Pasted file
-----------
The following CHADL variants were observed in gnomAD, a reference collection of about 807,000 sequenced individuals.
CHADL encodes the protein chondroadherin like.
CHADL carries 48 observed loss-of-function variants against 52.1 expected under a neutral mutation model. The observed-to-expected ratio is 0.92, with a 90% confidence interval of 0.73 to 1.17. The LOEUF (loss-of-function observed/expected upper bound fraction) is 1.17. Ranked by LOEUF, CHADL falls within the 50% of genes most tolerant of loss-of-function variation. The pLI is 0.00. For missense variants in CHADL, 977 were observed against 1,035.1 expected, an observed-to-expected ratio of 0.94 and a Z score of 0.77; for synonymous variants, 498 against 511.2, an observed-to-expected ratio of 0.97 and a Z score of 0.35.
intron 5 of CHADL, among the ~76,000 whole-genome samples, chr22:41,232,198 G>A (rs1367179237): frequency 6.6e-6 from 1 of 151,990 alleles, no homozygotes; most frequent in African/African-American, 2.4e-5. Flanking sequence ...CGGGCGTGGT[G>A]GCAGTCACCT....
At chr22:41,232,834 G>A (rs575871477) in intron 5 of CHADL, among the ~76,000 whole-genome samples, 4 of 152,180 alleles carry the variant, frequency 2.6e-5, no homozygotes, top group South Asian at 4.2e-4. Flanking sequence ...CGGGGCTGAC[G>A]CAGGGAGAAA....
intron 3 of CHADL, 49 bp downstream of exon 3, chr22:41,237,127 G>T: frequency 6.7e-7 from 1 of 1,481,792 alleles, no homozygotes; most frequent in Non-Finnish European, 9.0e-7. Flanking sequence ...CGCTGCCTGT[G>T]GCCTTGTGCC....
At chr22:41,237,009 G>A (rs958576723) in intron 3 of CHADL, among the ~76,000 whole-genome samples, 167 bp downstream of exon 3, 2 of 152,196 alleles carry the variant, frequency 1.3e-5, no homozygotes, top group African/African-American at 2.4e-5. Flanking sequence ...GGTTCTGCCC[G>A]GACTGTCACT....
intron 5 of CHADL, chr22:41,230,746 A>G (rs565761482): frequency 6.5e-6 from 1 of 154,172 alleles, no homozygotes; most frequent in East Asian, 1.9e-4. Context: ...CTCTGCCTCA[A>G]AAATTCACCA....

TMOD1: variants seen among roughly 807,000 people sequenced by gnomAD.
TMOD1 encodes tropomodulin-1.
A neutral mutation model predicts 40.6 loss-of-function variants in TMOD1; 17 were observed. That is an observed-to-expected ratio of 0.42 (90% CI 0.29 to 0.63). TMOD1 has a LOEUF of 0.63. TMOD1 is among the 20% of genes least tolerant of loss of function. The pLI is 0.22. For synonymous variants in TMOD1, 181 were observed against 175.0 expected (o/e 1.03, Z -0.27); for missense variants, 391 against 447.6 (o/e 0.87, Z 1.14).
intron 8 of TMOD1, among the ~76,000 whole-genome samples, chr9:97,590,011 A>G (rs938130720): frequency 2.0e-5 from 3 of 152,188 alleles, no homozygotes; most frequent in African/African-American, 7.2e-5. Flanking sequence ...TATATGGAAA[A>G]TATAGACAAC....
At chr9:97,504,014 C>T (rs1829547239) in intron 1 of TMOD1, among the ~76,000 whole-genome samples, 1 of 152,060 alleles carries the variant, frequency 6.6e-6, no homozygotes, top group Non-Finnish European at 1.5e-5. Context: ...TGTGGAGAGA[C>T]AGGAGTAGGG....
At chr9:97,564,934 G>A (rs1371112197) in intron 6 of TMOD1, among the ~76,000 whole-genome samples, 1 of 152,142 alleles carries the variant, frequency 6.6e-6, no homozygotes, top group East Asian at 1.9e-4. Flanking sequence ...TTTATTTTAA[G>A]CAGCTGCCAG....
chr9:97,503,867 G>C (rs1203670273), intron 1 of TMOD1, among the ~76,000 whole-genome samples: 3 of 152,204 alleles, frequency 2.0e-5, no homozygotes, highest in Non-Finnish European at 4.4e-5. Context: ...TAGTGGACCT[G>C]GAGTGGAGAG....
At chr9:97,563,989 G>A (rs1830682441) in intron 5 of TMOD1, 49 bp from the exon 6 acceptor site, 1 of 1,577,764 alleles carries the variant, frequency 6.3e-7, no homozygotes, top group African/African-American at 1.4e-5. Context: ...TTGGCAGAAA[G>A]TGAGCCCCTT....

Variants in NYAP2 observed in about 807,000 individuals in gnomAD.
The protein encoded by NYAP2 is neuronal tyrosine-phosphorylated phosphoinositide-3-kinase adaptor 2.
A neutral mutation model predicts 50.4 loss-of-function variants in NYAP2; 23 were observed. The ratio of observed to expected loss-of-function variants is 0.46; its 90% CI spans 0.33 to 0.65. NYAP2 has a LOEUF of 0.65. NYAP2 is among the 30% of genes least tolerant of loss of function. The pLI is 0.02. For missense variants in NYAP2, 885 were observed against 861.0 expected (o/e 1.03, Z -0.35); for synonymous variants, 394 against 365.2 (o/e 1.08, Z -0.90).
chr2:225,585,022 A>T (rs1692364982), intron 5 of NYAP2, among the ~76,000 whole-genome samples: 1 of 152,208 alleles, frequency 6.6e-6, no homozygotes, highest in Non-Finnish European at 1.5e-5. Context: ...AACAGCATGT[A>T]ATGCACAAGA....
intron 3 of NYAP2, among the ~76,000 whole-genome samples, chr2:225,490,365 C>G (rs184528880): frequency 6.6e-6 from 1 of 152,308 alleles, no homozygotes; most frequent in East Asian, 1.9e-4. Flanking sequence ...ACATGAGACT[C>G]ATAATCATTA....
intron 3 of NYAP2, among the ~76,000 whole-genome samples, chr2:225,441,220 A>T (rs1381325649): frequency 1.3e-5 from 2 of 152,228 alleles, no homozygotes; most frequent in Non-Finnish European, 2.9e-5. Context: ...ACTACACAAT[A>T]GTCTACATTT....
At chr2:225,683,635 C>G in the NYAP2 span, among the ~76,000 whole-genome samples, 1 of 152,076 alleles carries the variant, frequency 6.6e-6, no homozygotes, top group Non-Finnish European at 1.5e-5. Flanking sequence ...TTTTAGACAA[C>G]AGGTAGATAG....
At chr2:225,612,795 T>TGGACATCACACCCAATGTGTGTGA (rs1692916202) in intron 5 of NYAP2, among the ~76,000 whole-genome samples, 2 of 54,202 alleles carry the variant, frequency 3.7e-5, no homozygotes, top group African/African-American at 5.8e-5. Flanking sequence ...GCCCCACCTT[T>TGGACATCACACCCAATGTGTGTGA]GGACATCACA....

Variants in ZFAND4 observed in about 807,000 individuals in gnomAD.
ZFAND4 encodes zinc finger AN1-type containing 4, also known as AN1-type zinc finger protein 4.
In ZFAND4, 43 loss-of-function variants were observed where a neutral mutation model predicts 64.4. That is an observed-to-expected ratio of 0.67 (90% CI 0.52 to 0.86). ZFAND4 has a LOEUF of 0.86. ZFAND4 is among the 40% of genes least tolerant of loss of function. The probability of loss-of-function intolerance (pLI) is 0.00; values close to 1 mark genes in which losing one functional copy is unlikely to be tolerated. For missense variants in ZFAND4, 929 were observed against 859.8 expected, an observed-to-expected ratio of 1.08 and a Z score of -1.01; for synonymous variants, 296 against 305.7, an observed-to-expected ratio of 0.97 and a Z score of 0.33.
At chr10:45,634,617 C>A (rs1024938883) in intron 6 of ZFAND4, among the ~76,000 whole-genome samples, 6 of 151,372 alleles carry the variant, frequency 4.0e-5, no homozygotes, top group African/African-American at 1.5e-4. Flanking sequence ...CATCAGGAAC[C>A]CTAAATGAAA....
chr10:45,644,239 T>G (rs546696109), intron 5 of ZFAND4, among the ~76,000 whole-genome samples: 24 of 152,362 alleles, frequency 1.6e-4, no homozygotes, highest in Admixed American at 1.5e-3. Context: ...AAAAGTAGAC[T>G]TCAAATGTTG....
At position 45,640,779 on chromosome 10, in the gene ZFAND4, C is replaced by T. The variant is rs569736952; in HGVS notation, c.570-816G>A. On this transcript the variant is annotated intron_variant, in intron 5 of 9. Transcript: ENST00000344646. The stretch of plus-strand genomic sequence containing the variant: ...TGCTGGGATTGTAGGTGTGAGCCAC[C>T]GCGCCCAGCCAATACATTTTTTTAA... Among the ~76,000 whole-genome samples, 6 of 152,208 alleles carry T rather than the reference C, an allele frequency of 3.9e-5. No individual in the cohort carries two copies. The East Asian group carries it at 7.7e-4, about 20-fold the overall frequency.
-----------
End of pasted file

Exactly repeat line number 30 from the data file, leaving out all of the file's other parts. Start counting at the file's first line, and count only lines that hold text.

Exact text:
At position 45,640,779 on chromosome 10, in the gene ZFAND4, C is replaced by T. The variant is rs569736952; in HGVS notation, c.570-816G>A. On this transcript the variant is annotated intron_variant, in intron 5 of 9. Transcript: ENST00000344646. The stretch of plus-strand genomic sequence containing the variant: ...TGCTGGGATTGTAGGTGTGAGCCAC[C>T]GCGCCCAGCCAATACATTTTTTTAA... Among the ~76,000 whole-genome samples, 6 of 152,208 alleles carry T rather than the reference C, an allele frequency of 3.9e-5. No individual in the cohort carries two copies. The East Asian group carries it at 7.7e-4, about 20-fold the overall frequency.